Tesla Cybertruck Delayed Again, No New Tesla Vehicles In 2022: Musk

After much speculation, the electric truck faces another production delay.

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cybertruck delay
Image: Tesla

If you intend to cruise around the city in a futuristic-looking Cybertruck this year, your plans will have to wait. That’s because Tesla has confirmed that the much-anticipated electric truck will certainly not arrive any time soon.

In a recent press call, CEO Elon Musk himself broke the news about Cybertruck’s production delay. He said the vehicle would arrive “hopefully next year,” putting to bed any chance of a 2022 release. This marks another production setback for Cybertruck after it was delayed for another year in 2021.

Furthermore, Musk told the media that there wouldn’t be any new Tesla models arriving this year. He backed the company’s decision, saying, “If we were to introduce new vehicles, our total vehicle output would decrease.”

This delay is rather upsetting for those awaiting the Cybertruck since pre-bookings opened back in late 2019. The fact that even a 2023 release depends on everything going right for Tesla — remember Musk used the word “hopefully” — further puts the vehicle’s launch in the dark.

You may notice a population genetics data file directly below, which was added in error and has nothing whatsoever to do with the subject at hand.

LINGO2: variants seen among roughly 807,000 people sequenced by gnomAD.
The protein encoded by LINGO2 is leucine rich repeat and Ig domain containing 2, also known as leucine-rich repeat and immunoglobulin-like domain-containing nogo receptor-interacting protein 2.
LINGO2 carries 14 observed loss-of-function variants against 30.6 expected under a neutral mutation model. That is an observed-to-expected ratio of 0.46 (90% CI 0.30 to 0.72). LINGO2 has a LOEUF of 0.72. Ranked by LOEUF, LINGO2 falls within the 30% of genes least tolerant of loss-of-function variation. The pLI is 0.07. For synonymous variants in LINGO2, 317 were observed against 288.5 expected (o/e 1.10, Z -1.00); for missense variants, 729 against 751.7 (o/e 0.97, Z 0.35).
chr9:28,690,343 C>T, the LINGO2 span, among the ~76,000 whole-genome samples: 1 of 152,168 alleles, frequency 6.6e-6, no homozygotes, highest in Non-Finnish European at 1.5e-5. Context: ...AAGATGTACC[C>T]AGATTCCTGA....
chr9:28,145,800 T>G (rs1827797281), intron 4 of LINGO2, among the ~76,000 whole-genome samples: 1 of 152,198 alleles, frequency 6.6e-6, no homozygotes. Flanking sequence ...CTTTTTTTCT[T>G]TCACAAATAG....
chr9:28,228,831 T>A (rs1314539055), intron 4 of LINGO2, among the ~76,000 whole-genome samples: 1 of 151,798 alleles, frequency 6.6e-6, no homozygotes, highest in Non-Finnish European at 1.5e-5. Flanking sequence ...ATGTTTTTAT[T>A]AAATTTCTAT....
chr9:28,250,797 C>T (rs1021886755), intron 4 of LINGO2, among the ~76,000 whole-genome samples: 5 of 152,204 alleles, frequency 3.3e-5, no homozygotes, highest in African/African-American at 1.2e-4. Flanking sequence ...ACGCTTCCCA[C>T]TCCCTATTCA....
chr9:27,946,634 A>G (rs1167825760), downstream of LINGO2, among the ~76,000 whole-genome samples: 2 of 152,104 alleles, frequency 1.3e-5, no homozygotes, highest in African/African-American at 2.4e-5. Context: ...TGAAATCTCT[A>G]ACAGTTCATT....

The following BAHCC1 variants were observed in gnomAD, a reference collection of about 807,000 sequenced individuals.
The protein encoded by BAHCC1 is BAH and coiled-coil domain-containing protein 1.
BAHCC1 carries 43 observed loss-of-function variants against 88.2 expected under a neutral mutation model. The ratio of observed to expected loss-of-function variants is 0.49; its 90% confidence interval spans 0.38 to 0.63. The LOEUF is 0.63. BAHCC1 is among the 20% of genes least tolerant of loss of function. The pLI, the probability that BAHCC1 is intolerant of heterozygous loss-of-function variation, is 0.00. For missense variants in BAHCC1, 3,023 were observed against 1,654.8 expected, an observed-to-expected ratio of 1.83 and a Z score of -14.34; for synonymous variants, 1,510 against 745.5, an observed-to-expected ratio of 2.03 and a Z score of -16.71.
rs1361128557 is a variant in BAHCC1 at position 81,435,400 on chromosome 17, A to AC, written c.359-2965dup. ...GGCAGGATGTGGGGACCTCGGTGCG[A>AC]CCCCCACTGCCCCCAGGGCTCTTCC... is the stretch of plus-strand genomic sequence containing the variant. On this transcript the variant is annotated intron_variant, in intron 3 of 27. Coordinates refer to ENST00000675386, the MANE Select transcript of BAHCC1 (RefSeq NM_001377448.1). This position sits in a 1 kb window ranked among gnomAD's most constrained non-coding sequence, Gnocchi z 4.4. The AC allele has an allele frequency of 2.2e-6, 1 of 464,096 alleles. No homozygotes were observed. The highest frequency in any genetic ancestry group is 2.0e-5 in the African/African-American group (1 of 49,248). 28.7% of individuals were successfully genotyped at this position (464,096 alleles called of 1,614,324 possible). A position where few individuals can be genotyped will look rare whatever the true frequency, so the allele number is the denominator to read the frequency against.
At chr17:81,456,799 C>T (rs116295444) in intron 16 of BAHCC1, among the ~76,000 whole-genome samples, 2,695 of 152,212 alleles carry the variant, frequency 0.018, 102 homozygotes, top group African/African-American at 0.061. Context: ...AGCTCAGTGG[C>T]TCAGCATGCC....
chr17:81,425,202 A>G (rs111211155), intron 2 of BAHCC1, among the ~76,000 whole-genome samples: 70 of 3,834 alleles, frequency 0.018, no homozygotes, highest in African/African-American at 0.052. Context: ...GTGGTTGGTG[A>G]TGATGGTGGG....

According to Musk, the EV maker is also trying to figure out a way to make Cybertruck more affordable than its previously announced $39,900 price tag. This falls in line with his long-term goal of bringing down battery production costs to produce cheaper Teslas.

Interestingly, Cybertruck has undergone some changes since its first avatar appeared before the public. In a recent tweet, Musk shared his experience driving a vehicle prototype, hinting that its design was still far from finalized.

So it’ll be interesting to see how the vehicle ends up looking by the time it enters mass production. By the way, do you think the Cybertruck hype is enough to sustain another delay? Drop your thoughts in the comments below.

Priye Rai

Priye Rai

Priye is a tech writer at Fossbytes, who writes about gaming and anything remotely related to tech, including smartphones, apps, OTT, etc. He prefers to be called a "video game journalist" and grimaces when he doesn't get to be "Player 1." If you want to talk about games or send any feedback, drop him a mail at [email protected]

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